November 1, 2015

All Saints Day

Isaiah 25:6-9; Psalm 24; Revelation 21:1-6a; John 11:32-44


When we hear the tale of Jesus weeping over the death of Lazarus, our own irreversible losses reverberate in our hearts. Of the many stories of Jesus’ healing and death-reversing power, the story of Jesus reviving Lazarus is one uniquely colored by the intimacy and loyalty of friendship.  If only we could revive our most beloved friends who are no longer with us in this life. And, why does it feel in times of loss as though the death of a beloved friend or family member would threaten our own lives? Why does it feel as though grief wants to become our undertaker? We can’t move. We can’t work. We can hardly speak.  Loss can literally be life breaking. We see this in the numerous cases of the elderly lover who dies just days or weeks after a beloved spouse.

Yet story - myth - can help us to cope with the complexity of such pain.  Jesus raising Lazarus is one. Another is the Sumerian myth of the Goddess Inanna. Inanna was known in Ancient Iraq as the Queen of Heaven and Earth, and she chose do descend to the underworld after the death of her sister’s husband. Entering the underworld required of Inanna to surrender every aspect of herself and her status.  She was made to enter seven portals. At the first they demanded her crown. At the second they took her lapis beads. By the seventh portal she was literally stripped naked and made to surrender her royal robe.  Inanna was then judged harshly, killed and reduced to a piece of raw meat. Isn’t that how we feel in times of deep grief; raw in every fiber of our being?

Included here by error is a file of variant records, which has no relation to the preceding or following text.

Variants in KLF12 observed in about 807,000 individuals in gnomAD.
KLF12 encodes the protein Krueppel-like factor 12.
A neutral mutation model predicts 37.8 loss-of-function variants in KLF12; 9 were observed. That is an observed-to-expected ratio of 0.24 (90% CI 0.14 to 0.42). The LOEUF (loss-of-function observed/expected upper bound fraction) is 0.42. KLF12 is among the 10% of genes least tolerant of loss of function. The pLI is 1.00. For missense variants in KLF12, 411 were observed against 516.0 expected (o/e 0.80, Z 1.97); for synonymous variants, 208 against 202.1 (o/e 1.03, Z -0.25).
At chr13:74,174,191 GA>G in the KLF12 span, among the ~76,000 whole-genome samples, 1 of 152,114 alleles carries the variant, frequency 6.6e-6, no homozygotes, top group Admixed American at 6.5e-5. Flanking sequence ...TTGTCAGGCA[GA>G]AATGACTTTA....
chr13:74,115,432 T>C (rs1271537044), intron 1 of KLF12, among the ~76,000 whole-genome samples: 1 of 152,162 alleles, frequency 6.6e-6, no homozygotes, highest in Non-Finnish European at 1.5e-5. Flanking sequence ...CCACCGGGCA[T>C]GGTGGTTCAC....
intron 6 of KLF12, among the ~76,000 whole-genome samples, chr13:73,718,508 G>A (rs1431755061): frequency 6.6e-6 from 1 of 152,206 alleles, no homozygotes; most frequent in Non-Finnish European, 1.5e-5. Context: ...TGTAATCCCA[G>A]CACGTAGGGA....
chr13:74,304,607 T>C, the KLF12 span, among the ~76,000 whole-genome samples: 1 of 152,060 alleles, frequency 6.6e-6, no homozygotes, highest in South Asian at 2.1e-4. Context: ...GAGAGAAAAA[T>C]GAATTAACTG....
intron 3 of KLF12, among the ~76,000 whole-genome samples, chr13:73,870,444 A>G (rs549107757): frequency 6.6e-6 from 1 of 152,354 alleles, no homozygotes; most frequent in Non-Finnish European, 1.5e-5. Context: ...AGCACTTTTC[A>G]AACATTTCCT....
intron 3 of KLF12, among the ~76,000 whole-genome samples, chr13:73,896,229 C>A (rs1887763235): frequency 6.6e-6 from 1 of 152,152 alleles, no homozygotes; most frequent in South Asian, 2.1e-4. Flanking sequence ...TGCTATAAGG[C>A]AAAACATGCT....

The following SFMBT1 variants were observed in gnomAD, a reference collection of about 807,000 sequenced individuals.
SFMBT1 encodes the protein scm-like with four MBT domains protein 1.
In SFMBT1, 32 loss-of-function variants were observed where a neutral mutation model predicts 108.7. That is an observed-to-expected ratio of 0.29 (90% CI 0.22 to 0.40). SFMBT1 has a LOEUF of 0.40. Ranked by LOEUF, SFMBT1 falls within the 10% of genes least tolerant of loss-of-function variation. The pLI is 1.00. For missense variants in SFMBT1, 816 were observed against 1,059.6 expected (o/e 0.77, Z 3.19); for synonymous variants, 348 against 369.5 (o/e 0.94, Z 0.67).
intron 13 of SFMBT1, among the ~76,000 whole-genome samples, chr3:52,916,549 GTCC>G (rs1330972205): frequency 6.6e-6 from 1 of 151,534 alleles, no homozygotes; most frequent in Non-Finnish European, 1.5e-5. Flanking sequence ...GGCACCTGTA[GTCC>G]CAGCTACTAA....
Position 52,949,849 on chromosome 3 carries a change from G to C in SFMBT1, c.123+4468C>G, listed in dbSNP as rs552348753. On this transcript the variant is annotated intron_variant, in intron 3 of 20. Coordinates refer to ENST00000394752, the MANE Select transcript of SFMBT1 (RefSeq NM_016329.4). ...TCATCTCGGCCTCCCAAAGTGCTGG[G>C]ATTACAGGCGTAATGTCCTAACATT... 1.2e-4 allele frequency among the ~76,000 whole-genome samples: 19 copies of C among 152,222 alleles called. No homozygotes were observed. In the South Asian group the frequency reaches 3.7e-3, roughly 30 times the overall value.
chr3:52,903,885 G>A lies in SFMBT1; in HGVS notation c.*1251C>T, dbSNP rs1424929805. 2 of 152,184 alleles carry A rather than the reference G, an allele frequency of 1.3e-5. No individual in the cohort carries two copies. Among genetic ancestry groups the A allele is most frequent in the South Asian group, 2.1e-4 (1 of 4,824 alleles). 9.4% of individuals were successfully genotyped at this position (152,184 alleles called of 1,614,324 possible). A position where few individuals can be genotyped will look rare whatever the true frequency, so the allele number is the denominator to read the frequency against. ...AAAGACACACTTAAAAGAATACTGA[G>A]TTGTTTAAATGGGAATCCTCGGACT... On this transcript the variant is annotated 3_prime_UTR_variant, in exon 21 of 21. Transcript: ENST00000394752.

And yet, there are people who know us well and can reach into our isolation and sorrow. The effort of these companions can inspire the reassembly of our lives. Jesus entered a cave filled with the four-day old stench of death and yet came out with his friend newly revived. In Inanna’s case it was her servant - a woman who knew Inanna’s every move - who instigated Inanna’s return from the underworld. Thanks to the efforts of this loyal friend and servant, two genderless beings were said to have travelled to the underworld and found Inanna’s corpse. One sprinkled upon it the bread of life and the other the water of life. The Queen of Heaven was restored and began her return.

Sometimes we grieve and need the assistance of others. Sometimes it is we who must be watchful for those we know well. If we find them down, depressed or isolated we need not diagnose or attempt to fix them. Instead let us invite them anywhere that is outside their place of pain.

The baptism of new saints into our church fold, a liturgical act that we do today, is a commitment from us to them, that we will be the church of revival. When they turn 50, are depressed by their age, and are paralyzed by thoughts of the future, we will force their removal from the couch and take them to lunch. We will hold their hand when they grieve.  We will look for them when they are lost. We promise to not bee too demanding, judgmental or creepy, and pledge to instead be intimate, safe, strong, helpful and constant. I invite us to pray for each other as we strive to be these latter things, remembering honestly our saints of old and welcoming joyfully our saints of new.